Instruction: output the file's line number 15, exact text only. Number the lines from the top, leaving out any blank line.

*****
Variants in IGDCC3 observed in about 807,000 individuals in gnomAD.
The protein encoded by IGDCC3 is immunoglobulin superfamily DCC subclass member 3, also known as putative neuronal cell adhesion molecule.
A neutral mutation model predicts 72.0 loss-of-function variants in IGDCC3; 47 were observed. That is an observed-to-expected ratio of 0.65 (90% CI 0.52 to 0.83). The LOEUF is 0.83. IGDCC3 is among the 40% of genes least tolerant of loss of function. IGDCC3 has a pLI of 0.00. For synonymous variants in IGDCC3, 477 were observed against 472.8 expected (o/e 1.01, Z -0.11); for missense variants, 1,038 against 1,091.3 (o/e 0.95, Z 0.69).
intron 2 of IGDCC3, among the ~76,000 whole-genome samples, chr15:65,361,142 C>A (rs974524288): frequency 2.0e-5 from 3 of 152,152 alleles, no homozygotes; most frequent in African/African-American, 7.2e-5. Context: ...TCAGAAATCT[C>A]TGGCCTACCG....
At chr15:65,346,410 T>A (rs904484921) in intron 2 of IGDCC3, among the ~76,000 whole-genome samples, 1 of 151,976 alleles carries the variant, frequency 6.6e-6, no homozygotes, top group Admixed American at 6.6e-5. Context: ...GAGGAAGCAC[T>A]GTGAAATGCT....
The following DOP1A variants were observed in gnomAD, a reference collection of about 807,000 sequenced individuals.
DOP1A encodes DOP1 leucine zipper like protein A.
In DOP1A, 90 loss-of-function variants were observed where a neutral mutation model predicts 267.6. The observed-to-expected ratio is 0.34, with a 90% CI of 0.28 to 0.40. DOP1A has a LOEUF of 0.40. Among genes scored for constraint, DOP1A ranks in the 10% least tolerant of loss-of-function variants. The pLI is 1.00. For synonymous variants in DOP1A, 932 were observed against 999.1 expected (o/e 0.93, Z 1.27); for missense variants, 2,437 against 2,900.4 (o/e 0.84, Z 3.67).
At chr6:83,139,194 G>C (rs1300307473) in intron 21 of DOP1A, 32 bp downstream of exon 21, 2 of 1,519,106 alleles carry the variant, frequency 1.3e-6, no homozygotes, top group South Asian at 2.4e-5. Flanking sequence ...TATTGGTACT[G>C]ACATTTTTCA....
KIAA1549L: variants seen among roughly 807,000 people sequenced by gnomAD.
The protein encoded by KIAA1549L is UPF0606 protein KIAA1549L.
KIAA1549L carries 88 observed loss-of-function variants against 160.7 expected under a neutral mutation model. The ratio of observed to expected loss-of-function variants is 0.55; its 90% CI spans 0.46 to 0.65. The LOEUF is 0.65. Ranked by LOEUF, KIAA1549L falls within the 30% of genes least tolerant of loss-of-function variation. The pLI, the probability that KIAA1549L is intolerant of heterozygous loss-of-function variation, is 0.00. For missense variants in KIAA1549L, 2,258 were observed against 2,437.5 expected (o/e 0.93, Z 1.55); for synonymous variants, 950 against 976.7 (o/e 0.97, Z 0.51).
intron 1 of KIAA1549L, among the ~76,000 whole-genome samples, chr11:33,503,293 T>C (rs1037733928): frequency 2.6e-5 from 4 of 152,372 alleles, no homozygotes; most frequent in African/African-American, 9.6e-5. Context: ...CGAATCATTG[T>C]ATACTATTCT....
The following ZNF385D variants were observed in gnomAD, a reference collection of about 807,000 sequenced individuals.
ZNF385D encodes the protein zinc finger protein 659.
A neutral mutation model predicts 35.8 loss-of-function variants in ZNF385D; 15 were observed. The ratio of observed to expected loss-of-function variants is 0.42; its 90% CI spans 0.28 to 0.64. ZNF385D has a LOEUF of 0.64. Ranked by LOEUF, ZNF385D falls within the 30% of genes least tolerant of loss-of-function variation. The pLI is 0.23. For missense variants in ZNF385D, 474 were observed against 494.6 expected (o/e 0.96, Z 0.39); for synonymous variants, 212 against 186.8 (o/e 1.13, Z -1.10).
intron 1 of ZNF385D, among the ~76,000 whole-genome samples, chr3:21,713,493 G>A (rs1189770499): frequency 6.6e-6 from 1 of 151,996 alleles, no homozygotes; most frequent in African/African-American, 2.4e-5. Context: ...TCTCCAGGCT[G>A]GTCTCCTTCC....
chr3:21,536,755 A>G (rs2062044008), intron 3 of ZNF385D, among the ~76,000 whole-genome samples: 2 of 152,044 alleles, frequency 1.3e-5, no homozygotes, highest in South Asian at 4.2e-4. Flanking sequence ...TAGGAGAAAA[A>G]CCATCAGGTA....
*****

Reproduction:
ZNF385D encodes the protein zinc finger protein 659.